15 December 2009

Big Idea Month: What if associations decided that sometimes, telling a member 'no' is an acceptable practice?

Post two in my contribution series to Acronym's Big Ideas Month:

What if (perish the thought!), we actually told members NO?

I actually suspect that most associations already do this, but we do it in the wrong way. We say "no" all the time. Only it's called, "That's against association policy." Which, aside from "we're out of bourbon," might be my least favorite four words in the English language.

You know what "that's against association policy" REALLY means?
  • "I'm only line staff - I'm not actually empowered to decide anything."
  • "I don't want to/feel like it."
  • "Member service isn't my job."
  • "Some day, far in the dim, dark past, someone decided that we don't that. I don't know why. Just because."
  • "We have always done it that way." (my least favorite seven words in the English language, other than "by the way, also out of chocolate.")
Members are absolutely not always right - they know the industry/profession, you know how to run your organization - but what if every request was considered on its merits, rather than whether or not it's "against" some random policy that some person put in place some time ago for reasons known only to him? What if ALL levels of staff were allowed, even encouraged, to make decisions? What if we really measured what we're doing on "does this serve the members?" (Not just *this* member, all members - which can help resolve conflicts when a member asks for something that would be bad if universalized.)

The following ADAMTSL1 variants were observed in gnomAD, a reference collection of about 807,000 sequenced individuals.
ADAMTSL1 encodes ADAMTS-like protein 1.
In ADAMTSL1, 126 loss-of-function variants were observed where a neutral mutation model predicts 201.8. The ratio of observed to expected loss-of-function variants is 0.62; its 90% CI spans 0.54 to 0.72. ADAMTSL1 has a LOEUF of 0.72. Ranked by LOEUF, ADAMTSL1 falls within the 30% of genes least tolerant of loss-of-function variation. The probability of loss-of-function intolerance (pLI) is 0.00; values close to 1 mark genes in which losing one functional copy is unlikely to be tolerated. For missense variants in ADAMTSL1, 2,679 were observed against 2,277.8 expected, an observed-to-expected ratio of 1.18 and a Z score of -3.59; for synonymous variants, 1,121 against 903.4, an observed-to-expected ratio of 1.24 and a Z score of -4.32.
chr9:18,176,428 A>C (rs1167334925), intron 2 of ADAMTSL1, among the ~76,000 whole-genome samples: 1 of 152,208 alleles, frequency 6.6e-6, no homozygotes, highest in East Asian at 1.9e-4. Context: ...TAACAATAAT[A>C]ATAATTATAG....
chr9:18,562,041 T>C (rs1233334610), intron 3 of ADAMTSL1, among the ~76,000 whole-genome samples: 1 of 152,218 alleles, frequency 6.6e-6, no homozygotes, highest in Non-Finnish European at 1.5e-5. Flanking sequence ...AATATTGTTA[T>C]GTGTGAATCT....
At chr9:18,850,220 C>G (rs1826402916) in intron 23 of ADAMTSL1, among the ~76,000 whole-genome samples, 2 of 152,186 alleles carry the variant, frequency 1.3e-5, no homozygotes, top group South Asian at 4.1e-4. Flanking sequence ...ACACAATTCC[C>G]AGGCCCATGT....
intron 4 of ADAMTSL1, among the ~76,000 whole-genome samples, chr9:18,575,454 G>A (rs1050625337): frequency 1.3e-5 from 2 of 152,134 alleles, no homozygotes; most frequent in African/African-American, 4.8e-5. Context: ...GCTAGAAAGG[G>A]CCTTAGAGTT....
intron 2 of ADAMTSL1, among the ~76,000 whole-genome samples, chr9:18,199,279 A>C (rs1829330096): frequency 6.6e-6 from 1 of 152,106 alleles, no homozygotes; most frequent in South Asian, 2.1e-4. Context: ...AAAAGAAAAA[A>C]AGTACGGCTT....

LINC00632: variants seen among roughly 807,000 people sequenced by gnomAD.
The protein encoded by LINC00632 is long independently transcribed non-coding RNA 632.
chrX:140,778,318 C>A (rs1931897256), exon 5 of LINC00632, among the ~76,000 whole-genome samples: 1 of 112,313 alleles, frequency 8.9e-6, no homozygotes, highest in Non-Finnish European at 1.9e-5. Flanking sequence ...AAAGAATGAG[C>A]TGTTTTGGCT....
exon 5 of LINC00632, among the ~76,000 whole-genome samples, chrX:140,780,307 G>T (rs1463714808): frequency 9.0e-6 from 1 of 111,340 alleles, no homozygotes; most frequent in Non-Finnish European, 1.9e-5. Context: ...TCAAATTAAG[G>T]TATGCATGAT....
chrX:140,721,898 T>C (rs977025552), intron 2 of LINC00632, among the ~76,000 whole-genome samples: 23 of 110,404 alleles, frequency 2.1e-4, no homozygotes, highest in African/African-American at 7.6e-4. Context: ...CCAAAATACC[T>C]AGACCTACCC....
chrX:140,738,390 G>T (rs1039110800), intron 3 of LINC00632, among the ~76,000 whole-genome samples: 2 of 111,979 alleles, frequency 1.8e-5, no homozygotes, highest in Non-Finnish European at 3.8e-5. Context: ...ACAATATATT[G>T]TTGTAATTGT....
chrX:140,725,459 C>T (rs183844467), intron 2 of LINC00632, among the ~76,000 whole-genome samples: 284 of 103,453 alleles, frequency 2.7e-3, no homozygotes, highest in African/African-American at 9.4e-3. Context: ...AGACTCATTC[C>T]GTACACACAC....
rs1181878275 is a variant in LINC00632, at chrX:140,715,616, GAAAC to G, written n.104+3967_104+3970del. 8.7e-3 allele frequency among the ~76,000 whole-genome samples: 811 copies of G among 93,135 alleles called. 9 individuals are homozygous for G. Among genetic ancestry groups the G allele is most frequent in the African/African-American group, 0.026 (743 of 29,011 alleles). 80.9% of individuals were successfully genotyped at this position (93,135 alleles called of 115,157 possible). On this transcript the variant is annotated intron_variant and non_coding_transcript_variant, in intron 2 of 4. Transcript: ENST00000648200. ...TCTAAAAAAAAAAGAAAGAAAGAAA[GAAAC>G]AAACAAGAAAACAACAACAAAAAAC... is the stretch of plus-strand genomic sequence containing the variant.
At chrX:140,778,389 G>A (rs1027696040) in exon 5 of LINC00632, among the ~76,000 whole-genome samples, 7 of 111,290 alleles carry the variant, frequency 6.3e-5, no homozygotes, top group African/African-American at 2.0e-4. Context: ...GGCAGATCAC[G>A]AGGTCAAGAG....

Giving every staff person the ability to make decisions implies that sometimes she might say no. Which means it's really important to know how to say no in the right way. "No." "Why?" "Because I said so." Not the right way to handle members. "We can't do X (and there better be a reason other than "Because you were mean to me and I don't feel like helping you"), but we do want to make this right. What about Y instead?" Or "what else can we do to make this right?" Get the member involved in producing a solution, and you'll get her mind off the fact that you just said no to what she asked for and on to the fact that you're working with her to resolve the situation. Detractors can become your most passionate fans/evangelists *if* you handle them right.



1 comment:

Shannon Otto said...

Loving this post, Elizabeth. It's true that "that's against association policy" means many different things - rarely does it actually have a literal meaning. Whether or not a request can actually be granted, I think members deserve to have their requests at least considered, like you said. Saying "no" the right way can make a big difference when it comes to member relations.
(Also, hooray for bourbon and chocolate! ;) )